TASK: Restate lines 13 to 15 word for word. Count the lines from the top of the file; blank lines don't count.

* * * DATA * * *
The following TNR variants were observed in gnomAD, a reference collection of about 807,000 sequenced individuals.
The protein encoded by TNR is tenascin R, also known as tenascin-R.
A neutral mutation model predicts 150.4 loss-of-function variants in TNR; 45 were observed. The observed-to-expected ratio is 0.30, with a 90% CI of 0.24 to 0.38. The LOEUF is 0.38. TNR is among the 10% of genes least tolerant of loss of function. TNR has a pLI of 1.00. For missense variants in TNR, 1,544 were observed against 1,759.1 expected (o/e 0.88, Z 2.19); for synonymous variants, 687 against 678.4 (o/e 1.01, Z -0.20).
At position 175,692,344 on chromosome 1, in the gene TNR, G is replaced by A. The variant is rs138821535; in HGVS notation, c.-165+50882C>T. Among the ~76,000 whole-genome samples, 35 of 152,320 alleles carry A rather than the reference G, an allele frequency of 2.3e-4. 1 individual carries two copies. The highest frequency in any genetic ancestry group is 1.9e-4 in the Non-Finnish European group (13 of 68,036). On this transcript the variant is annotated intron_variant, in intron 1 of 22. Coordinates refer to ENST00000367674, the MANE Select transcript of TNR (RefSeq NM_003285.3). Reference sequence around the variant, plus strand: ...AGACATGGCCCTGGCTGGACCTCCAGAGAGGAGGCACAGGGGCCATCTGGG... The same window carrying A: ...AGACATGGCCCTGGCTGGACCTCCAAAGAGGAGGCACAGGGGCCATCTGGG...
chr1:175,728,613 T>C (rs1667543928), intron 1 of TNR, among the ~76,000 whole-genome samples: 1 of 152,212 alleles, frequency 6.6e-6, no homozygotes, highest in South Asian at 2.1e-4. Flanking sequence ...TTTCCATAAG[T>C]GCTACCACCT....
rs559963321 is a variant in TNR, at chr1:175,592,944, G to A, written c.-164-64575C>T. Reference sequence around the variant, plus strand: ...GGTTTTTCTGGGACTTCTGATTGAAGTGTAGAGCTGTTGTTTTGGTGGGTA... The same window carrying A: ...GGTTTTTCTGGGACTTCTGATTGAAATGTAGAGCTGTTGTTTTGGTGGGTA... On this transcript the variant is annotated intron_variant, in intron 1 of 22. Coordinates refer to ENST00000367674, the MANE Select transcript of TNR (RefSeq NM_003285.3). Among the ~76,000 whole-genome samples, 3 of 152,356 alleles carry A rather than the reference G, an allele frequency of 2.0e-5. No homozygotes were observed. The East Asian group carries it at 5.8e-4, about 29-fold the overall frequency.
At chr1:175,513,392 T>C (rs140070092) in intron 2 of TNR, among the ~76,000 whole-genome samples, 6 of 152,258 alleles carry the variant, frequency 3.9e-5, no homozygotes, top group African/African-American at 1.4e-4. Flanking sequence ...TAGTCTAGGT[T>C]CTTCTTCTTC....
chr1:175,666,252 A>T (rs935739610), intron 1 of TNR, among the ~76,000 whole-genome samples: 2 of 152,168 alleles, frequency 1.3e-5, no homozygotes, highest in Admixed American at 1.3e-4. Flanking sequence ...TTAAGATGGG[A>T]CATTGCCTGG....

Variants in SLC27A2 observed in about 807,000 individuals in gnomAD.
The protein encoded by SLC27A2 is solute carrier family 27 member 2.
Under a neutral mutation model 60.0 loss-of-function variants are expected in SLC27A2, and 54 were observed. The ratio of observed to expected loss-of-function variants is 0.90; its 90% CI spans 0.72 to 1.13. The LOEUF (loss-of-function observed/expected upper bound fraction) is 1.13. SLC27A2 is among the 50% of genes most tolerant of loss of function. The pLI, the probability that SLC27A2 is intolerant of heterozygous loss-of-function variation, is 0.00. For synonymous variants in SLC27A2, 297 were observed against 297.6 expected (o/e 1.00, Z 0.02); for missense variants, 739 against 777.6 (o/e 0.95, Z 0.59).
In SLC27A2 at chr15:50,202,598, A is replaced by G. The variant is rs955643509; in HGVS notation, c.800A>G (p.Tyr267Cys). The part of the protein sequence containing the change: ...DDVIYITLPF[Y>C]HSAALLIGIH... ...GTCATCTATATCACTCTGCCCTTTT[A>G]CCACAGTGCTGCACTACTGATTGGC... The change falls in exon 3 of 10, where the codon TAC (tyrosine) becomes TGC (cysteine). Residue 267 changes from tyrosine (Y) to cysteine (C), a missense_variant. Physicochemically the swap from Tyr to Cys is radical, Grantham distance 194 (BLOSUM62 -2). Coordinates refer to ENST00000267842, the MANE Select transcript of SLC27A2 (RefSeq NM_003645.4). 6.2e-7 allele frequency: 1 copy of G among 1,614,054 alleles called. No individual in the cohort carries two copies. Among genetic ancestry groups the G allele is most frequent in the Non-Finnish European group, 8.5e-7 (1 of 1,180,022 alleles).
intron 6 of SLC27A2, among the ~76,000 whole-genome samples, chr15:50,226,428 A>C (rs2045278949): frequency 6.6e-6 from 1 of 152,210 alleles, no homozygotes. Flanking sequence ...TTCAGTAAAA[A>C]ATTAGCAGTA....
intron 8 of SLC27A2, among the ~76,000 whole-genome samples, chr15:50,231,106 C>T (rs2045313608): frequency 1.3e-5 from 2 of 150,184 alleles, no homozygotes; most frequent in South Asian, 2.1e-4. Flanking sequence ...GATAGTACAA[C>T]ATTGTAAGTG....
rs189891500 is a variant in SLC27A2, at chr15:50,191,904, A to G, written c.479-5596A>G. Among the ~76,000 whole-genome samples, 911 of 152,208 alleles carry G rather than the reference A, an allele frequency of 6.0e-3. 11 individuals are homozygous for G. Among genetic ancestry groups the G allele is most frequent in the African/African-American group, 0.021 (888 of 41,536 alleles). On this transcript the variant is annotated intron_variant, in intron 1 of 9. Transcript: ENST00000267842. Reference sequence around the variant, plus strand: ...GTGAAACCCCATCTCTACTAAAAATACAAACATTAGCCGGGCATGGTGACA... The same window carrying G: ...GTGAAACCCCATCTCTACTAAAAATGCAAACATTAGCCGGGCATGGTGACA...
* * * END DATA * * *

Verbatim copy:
intron 6 of SLC27A2, among the ~76,000 whole-genome samples, chr15:50,226,428 A>C (rs2045278949): frequency 6.6e-6 from 1 of 152,210 alleles, no homozygotes. Flanking sequence ...TTCAGTAAAA[A>C]ATTAGCAGTA....
intron 8 of SLC27A2, among the ~76,000 whole-genome samples, chr15:50,231,106 C>T (rs2045313608): frequency 1.3e-5 from 2 of 150,184 alleles, no homozygotes; most frequent in South Asian, 2.1e-4. Flanking sequence ...GATAGTACAA[C>T]ATTGTAAGTG....
rs189891500 is a variant in SLC27A2, at chr15:50,191,904, A to G, written c.479-5596A>G. Among the ~76,000 whole-genome samples, 911 of 152,208 alleles carry G rather than the reference A, an allele frequency of 6.0e-3. 11 individuals are homozygous for G. Among genetic ancestry groups the G allele is most frequent in the African/African-American group, 0.021 (888 of 41,536 alleles). On this transcript the variant is annotated intron_variant, in intron 1 of 9. Transcript: ENST00000267842. Reference sequence around the variant, plus strand: ...GTGAAACCCCATCTCTACTAAAAATACAAACATTAGCCGGGCATGGTGACA... The same window carrying G: ...GTGAAACCCCATCTCTACTAAAAATGCAAACATTAGCCGGGCATGGTGACA...